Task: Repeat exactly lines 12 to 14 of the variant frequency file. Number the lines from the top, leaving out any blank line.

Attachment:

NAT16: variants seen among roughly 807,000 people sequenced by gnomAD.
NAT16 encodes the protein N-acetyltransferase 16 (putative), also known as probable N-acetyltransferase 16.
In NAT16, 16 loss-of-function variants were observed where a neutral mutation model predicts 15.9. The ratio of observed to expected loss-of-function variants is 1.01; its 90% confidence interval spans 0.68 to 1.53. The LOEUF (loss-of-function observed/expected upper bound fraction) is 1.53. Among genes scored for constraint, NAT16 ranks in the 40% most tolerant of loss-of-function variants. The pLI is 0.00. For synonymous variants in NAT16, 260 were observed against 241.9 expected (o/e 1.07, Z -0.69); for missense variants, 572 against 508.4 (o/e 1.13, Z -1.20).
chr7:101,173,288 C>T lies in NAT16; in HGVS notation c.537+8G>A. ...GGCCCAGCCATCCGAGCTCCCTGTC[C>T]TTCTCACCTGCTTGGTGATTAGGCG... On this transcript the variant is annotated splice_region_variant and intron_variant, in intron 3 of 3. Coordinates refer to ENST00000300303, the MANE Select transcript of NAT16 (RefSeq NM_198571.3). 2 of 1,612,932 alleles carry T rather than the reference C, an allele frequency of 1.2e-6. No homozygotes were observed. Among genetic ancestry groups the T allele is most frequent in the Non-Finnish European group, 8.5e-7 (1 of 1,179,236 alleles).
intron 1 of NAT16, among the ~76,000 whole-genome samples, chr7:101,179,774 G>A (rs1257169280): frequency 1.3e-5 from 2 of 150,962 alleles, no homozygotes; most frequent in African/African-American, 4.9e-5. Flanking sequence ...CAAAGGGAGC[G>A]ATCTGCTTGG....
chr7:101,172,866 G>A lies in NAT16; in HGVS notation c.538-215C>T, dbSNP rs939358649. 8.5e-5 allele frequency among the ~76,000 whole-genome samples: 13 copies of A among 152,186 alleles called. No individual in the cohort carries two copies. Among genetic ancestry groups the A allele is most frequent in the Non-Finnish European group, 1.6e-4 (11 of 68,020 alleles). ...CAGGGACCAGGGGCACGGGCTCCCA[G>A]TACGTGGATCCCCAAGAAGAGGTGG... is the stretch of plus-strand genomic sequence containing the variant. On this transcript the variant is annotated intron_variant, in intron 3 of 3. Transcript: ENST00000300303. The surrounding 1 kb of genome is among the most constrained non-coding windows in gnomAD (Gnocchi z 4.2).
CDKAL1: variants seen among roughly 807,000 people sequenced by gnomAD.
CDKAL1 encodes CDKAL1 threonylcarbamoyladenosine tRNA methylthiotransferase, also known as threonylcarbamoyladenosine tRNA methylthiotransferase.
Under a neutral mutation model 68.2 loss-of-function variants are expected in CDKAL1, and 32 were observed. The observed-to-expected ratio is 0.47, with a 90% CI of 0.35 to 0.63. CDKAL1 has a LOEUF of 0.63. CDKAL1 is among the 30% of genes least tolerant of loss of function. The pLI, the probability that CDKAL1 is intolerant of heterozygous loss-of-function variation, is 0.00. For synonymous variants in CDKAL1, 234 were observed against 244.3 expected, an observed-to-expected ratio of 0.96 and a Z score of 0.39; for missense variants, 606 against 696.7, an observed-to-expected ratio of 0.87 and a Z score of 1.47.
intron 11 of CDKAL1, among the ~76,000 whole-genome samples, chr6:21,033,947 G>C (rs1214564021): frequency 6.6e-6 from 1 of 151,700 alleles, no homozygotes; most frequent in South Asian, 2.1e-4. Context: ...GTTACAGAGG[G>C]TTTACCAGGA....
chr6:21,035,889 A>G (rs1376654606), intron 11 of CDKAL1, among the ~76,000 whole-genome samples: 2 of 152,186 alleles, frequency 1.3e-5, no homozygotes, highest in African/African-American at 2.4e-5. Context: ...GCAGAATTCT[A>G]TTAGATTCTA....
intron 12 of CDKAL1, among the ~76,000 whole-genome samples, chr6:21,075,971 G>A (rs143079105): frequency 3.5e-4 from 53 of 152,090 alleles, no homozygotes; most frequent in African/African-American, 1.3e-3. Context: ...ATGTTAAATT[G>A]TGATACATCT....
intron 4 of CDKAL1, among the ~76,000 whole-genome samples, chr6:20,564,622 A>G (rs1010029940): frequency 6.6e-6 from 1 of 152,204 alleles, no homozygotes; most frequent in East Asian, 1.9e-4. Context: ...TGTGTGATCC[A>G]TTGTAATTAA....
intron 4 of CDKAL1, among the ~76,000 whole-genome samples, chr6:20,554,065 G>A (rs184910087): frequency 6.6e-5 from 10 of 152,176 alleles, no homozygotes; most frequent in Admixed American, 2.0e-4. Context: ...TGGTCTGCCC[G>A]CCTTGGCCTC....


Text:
intron 12 of CDKAL1, among the ~76,000 whole-genome samples, chr6:21,075,971 G>A (rs143079105): frequency 3.5e-4 from 53 of 152,090 alleles, no homozygotes; most frequent in African/African-American, 1.3e-3. Context: ...ATGTTAAATT[G>A]TGATACATCT....
intron 4 of CDKAL1, among the ~76,000 whole-genome samples, chr6:20,564,622 A>G (rs1010029940): frequency 6.6e-6 from 1 of 152,204 alleles, no homozygotes; most frequent in East Asian, 1.9e-4. Context: ...TGTGTGATCC[A>G]TTGTAATTAA....
intron 4 of CDKAL1, among the ~76,000 whole-genome samples, chr6:20,554,065 G>A (rs184910087): frequency 6.6e-5 from 10 of 152,176 alleles, no homozygotes; most frequent in Admixed American, 2.0e-4. Context: ...TGGTCTGCCC[G>A]CCTTGGCCTC....